Wladimir Klitschko (54-3) d. Eddie Chambers (35-2) [Results]

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  1. speeds

    speeds $2.50 highball, $1.50 beer Staff Member Administrator GFX Team

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    April 20th, 2010
    Germany

    ~ IBF heavyweight title ~
    ~ WBO heavyweight title ~
    ~ IBO International Boxing Organisation heavyweight title ~
     
  2. speeds

    speeds $2.50 highball, $1.50 beer Staff Member Administrator GFX Team

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    http://sports.espn.go.com/sports/boxing/columns/story?columnist=rafael_dan&id=5016066

    Klitschko takes time to KO Chambers


    A roundup of the past week's notable boxing results from around the world:

    Saturday at Düsseldorf, Germany
    Heavyweight
    Wladimir Klitschko KO12 Eddie Chambers
    Retains unified heavyweight titles
    Records: Klitschko, 54-3, 48 KOs; Chambers, 35-2, 18 KOs

    Rafael's remark: Thank goodness for trainer Emanuel Steward. All fight long he was begging Klitschko, who was utterly dominant and in no danger, between rounds to pick up the pace, to put his punches together and to get rid of the undersized, noncompetitive Chambers. At one point, Steward likened the terrible fight we were seeing to Klitschko's horrendously boring fight against Sultan Ibragimov in 2008, one in which a tiny bit of aggression from Klitschko could have been enough for a knockout. Steward was so frustrated with Klitschko, who, by the way, had won every second of every round, before the beginning of the 12th round that he yelled what all of us who were watching (including the 50,000-plus at the soccer stadium) must have been thinking: "We don't need another bulls--- decision!" Thankfully, Klitschko finally got the message and went out there and put Chambers away for a spectacular knockout with five seconds left in the fight. He creamed him with a left hook that sent Chambers staggering backward into one of the corner pads before he collapsed sideways and came to rest facedown with his body hanging over the bottom ring rope. Referee Geno Rodriguez called it off without a count. He could have counted to 100 because Chambers, who had been punished for the whole fight, was gone.

    But what the hell took Klitschko so long? That is what is sooooo frustrating about the best heavyweight in the world. He totally dominates but doesn't thrill, which is what we want from the heavyweight champion. Klitschko, 33, of Ukraine but based in Germany, could have ended this mandatory fight just about anytime he wanted to. As early as the second round, he staggered Philadelphia's Chambers, 27, with a hard right hand. But Klitschko, who won his 12th fight in a row, didn't go after him. Chambers tried to rough Klitschko up, which was kind of funny. It was like watching a mouse try to rough up a lion. He picked Klitschko up during clinches in the first and second round and tried to slam him to the canvas both times. That was pretty much the extent of his offense. He simply had zero ability to get inside Klitschko's long and devastating jab. He talked like he had a great game plan in the buildup to the fight, and maybe he did. But outweighed by 35 pounds and 5-plus inches shorter, Chambers could not implement whatever plan he had in any way. Round after round, Klitschko rocked his head back with jabs and mixed in some heavy rights. Klitschko is so basic in the way he fights -- jab, jab, jab, jab, right hand, repeat -- but with his physical advantages, quick hands, smarts and skills, most opponents simply can't do anything against him.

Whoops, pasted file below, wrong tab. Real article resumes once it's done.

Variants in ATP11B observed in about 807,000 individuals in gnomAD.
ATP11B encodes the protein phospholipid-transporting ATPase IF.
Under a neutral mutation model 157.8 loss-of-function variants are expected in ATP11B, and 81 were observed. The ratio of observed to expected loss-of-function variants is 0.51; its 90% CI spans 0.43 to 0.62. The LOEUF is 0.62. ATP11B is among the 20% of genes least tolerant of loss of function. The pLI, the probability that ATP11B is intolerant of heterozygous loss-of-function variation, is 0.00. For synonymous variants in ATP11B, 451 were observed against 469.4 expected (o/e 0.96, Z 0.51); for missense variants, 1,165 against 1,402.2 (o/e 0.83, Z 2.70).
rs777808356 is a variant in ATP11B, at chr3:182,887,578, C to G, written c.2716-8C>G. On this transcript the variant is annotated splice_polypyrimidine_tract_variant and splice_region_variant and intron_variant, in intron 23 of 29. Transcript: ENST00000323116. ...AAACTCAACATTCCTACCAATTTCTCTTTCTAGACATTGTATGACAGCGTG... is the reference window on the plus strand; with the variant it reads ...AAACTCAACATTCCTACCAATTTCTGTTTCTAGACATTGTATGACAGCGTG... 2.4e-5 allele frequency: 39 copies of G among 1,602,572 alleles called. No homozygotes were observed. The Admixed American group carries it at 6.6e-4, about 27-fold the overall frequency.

By the third round, Chambers' left eye was swelling after eating so many jabs. When Chambers' right glove broke in the ninth round, he had a rest while the glove was changed, but that didn't help change the momentum either. Steward, meanwhile, stayed on Klitschko after every round until his words finally got through. It was an exciting ending to Klitschko's eighth defense, but the first 11-plus rounds were dreadful and are exactly why he has been essentially banished by the American TV networks, relegated to bootleg Internet streams or his official Web site's pay-per-view. The way the fight with Chambers went just gave those TV executives more ammunition for why they avoid his fights and those of his brother, fellow heavyweight titleholder Vitali Klitschko. It's not their fault they are so dominant, but they could help their cause significantly with a little aggression, which was exactly the point Steward was trying to make.

    Chambers, who deserved the title shot based on recent wins, saw his five-fight winning streak come to a violent end. He hadn't lost since a decision to 2004 Russian Olympic gold medalist Alexander Povetkin in January 2008, a fight that was also in Germany. Povetkin, a long overdue mandatory challenger for one of Klitschko's belts, looms as his next opponent later this year. He may be slightly more competitive than Chambers, but it looks like another Klitschko wipeout.
     

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